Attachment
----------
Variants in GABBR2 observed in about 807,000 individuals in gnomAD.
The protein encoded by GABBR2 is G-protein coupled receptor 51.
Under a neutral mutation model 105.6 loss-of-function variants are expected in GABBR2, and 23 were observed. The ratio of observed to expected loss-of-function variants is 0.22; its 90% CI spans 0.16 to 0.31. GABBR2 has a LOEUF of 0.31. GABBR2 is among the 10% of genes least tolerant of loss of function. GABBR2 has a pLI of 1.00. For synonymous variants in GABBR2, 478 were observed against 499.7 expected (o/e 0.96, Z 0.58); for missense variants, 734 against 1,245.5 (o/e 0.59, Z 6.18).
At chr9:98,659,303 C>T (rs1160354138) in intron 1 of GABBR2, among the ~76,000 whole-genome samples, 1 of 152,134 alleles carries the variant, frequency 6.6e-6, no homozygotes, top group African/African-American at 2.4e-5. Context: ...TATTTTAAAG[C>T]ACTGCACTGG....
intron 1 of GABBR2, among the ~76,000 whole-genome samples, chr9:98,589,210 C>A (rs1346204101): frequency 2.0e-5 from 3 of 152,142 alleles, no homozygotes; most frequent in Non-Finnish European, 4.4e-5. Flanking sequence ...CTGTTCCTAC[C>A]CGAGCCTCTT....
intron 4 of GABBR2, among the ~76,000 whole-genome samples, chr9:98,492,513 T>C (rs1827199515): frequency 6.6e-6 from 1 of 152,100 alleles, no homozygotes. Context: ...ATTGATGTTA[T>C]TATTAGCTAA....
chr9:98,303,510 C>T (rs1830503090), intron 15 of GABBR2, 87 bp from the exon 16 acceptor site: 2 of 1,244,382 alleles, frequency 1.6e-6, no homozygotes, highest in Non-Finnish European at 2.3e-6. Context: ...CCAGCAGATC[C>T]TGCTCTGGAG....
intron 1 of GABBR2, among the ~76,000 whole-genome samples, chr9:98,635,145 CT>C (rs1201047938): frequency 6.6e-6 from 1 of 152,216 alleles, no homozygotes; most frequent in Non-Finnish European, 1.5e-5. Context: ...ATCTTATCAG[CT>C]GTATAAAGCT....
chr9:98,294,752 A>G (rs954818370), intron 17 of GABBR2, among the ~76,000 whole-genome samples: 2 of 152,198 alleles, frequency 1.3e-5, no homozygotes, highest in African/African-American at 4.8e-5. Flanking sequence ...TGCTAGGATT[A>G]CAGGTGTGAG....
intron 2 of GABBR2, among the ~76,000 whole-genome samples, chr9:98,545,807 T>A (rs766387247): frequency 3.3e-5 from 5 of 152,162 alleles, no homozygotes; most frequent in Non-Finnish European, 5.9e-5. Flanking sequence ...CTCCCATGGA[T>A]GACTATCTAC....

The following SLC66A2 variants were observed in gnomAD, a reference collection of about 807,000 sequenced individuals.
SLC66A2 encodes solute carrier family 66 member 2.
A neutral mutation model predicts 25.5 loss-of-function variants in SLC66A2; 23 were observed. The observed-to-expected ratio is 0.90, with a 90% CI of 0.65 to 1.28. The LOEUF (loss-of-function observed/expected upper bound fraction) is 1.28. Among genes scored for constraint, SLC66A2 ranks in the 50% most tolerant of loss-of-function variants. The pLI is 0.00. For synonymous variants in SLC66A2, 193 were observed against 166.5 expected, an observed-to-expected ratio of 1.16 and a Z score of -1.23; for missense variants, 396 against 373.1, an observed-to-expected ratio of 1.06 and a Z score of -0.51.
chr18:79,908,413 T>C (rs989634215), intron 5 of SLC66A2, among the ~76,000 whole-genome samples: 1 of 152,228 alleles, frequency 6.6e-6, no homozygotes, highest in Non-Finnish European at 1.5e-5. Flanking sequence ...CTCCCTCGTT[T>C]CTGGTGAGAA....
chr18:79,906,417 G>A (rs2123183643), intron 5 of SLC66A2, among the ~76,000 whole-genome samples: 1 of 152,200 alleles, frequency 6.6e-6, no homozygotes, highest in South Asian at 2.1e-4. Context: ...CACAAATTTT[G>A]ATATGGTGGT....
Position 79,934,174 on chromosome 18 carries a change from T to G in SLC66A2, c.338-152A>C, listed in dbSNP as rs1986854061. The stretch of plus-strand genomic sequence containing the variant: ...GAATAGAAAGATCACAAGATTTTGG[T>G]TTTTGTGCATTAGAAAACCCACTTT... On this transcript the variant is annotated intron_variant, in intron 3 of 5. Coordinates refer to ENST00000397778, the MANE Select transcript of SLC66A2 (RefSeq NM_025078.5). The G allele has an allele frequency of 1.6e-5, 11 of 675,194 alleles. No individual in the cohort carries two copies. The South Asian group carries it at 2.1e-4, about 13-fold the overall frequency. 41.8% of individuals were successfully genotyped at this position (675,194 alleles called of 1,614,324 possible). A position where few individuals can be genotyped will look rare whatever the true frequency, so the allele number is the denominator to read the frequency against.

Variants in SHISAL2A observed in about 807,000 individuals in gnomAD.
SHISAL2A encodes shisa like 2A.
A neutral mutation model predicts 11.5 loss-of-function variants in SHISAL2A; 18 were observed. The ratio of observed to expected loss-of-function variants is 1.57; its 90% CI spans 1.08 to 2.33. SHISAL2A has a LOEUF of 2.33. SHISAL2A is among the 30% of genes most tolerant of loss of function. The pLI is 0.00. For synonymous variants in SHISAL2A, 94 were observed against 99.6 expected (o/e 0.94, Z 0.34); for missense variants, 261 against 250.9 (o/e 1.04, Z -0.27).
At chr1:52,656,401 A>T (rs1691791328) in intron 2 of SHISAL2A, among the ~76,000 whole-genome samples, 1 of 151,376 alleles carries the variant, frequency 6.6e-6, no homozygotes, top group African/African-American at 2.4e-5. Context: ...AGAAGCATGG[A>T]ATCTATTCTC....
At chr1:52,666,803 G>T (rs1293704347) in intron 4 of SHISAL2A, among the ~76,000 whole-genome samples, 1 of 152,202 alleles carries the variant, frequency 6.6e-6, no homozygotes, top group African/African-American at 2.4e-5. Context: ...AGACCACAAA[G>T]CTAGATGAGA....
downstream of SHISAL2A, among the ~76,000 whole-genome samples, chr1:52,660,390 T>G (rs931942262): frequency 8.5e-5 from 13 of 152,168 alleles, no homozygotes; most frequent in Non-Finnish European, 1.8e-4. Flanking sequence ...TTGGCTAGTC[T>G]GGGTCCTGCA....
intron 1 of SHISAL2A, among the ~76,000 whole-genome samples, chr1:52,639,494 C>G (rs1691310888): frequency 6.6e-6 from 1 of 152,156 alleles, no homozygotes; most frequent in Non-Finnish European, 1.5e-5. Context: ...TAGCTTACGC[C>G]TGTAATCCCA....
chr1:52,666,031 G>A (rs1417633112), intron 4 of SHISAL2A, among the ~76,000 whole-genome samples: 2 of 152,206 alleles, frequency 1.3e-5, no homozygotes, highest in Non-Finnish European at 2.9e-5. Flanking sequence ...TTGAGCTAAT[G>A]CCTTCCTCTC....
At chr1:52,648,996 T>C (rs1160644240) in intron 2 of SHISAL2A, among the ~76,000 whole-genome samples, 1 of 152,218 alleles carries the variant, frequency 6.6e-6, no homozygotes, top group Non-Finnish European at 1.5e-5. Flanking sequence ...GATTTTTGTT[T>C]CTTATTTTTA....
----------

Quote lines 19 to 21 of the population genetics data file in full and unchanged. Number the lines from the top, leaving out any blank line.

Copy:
A neutral mutation model predicts 11.5 loss-of-function variants in SHISAL2A; 18 were observed. The ratio of observed to expected loss-of-function variants is 1.57; its 90% CI spans 1.08 to 2.33. SHISAL2A has a LOEUF of 2.33. SHISAL2A is among the 30% of genes most tolerant of loss of function. The pLI is 0.00. For synonymous variants in SHISAL2A, 94 were observed against 99.6 expected (o/e 0.94, Z 0.34); for missense variants, 261 against 250.9 (o/e 1.04, Z -0.27).
At chr1:52,656,401 A>T (rs1691791328) in intron 2 of SHISAL2A, among the ~76,000 whole-genome samples, 1 of 151,376 alleles carries the variant, frequency 6.6e-6, no homozygotes, top group African/African-American at 2.4e-5. Context: ...AGAAGCATGG[A>T]ATCTATTCTC....
At chr1:52,666,803 G>T (rs1293704347) in intron 4 of SHISAL2A, among the ~76,000 whole-genome samples, 1 of 152,202 alleles carries the variant, frequency 6.6e-6, no homozygotes, top group African/African-American at 2.4e-5. Context: ...AGACCACAAA[G>T]CTAGATGAGA....